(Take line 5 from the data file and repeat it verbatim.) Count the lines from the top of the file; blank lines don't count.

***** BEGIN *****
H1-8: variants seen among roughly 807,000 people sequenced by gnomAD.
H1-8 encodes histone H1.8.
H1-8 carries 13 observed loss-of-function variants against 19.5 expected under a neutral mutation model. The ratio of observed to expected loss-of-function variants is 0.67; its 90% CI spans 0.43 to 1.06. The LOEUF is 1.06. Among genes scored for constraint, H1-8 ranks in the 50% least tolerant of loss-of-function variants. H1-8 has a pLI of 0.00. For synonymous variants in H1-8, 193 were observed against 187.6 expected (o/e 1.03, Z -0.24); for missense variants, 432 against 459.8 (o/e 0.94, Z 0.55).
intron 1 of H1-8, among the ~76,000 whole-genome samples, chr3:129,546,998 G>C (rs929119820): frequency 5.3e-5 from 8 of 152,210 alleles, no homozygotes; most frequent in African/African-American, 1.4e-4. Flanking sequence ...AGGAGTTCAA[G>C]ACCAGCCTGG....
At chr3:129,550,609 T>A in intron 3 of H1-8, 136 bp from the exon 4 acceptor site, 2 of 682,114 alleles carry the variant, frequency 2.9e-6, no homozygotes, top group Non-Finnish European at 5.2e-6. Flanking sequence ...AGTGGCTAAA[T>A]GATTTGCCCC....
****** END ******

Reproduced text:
At chr3:129,550,609 T>A in intron 3 of H1-8, 136 bp from the exon 4 acceptor site, 2 of 682,114 alleles carry the variant, frequency 2.9e-6, no homozygotes, top group Non-Finnish European at 5.2e-6. Flanking sequence ...AGTGGCTAAA[T>A]GATTTGCCCC....